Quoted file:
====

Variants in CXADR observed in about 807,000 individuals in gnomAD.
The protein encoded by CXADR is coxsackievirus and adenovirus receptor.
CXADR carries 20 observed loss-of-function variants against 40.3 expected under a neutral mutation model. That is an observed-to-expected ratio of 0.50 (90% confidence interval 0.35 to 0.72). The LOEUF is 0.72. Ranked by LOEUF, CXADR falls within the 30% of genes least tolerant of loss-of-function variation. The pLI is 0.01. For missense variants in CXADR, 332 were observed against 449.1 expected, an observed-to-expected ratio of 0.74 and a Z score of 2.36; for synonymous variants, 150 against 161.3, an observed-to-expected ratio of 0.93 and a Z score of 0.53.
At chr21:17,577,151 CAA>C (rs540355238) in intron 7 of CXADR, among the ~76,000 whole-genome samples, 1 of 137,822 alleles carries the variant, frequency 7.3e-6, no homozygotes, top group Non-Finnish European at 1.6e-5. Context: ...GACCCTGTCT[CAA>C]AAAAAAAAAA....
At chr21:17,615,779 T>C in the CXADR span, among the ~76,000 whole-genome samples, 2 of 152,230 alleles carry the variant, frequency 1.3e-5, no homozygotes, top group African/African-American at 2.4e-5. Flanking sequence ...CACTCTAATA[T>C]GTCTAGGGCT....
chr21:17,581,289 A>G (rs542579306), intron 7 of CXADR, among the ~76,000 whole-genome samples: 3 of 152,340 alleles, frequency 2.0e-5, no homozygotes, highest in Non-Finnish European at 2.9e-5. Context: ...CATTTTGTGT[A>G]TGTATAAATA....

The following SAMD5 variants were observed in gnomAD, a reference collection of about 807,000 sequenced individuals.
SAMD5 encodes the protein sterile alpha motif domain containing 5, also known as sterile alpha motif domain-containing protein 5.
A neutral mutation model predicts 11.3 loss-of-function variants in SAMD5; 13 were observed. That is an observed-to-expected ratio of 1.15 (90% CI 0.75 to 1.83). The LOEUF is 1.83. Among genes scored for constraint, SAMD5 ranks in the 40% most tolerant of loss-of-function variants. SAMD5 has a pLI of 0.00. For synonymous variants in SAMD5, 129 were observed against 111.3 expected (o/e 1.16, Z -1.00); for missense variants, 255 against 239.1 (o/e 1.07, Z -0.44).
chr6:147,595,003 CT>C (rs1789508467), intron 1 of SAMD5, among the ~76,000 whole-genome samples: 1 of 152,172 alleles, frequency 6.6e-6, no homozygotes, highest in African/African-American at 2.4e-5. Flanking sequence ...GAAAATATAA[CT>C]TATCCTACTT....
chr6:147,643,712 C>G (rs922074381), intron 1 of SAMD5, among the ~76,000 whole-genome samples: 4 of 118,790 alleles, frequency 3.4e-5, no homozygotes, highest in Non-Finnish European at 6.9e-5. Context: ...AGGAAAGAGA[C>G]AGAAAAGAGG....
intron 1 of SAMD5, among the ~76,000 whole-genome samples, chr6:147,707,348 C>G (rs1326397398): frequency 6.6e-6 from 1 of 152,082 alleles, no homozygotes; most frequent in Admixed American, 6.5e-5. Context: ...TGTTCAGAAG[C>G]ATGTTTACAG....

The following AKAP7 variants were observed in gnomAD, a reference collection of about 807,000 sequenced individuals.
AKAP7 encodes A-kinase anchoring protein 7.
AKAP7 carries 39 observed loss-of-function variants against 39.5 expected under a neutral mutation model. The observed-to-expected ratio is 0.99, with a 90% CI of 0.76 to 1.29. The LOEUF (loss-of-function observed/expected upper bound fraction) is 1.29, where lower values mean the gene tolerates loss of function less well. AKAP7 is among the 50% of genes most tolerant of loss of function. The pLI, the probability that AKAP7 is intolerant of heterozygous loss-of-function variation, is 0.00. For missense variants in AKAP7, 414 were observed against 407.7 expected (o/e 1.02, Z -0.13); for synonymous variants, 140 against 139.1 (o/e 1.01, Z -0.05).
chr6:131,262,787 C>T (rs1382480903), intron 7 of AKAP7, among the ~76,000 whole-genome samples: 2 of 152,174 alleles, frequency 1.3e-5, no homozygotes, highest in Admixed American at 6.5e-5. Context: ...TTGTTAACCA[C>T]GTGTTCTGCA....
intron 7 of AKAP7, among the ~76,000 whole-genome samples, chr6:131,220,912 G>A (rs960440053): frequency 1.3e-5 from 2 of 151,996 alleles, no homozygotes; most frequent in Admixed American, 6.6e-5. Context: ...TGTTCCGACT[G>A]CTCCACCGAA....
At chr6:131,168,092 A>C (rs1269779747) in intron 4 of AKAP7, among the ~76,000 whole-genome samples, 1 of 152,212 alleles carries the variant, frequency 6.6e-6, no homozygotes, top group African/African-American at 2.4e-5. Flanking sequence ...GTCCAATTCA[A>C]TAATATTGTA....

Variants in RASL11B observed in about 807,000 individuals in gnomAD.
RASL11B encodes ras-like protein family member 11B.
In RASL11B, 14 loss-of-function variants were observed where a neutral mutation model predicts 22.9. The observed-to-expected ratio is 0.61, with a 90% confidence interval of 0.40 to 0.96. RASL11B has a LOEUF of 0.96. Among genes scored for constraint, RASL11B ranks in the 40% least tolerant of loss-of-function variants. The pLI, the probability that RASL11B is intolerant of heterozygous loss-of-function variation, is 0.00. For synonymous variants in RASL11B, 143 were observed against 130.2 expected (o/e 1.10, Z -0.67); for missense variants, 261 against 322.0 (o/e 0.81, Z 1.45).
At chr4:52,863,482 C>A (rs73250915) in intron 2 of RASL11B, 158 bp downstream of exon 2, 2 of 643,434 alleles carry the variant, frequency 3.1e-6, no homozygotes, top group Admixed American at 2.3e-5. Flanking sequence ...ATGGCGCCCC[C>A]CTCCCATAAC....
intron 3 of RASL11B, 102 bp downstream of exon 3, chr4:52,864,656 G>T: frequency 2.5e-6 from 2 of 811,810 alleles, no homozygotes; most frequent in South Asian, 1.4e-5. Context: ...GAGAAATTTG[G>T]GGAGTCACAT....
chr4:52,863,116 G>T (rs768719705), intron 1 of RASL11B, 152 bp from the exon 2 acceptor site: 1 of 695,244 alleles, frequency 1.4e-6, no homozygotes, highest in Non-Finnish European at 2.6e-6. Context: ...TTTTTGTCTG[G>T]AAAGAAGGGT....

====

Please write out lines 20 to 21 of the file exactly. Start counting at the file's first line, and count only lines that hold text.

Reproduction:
RASL11B encodes ras-like protein family member 11B.
In RASL11B, 14 loss-of-function variants were observed where a neutral mutation model predicts 22.9. The observed-to-expected ratio is 0.61, with a 90% confidence interval of 0.40 to 0.96. RASL11B has a LOEUF of 0.96. Among genes scored for constraint, RASL11B ranks in the 40% least tolerant of loss-of-function variants. The pLI, the probability that RASL11B is intolerant of heterozygous loss-of-function variation, is 0.00. For synonymous variants in RASL11B, 143 were observed against 130.2 expected (o/e 1.10, Z -0.67); for missense variants, 261 against 322.0 (o/e 0.81, Z 1.45).